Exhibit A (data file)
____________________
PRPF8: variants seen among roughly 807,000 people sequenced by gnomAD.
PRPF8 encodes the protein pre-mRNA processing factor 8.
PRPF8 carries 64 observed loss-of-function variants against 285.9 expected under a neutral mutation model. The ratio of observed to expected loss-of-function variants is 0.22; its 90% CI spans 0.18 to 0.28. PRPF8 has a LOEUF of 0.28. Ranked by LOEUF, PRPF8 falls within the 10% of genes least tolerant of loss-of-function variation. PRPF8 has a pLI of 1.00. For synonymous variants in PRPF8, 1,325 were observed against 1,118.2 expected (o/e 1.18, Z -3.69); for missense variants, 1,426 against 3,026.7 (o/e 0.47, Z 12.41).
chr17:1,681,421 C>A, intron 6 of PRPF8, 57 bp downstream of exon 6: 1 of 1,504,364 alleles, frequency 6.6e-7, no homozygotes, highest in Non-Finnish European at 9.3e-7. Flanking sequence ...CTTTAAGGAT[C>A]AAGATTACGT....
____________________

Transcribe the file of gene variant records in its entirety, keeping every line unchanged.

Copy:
PRPF8: variants seen among roughly 807,000 people sequenced by gnomAD.
PRPF8 encodes the protein pre-mRNA processing factor 8.
PRPF8 carries 64 observed loss-of-function variants against 285.9 expected under a neutral mutation model. The ratio of observed to expected loss-of-function variants is 0.22; its 90% CI spans 0.18 to 0.28. PRPF8 has a LOEUF of 0.28. Ranked by LOEUF, PRPF8 falls within the 10% of genes least tolerant of loss-of-function variation. PRPF8 has a pLI of 1.00. For synonymous variants in PRPF8, 1,325 were observed against 1,118.2 expected (o/e 1.18, Z -3.69); for missense variants, 1,426 against 3,026.7 (o/e 0.47, Z 12.41).
chr17:1,681,421 C>A, intron 6 of PRPF8, 57 bp downstream of exon 6: 1 of 1,504,364 alleles, frequency 6.6e-7, no homozygotes, highest in Non-Finnish European at 9.3e-7. Flanking sequence ...CTTTAAGGAT[C>A]AAGATTACGT....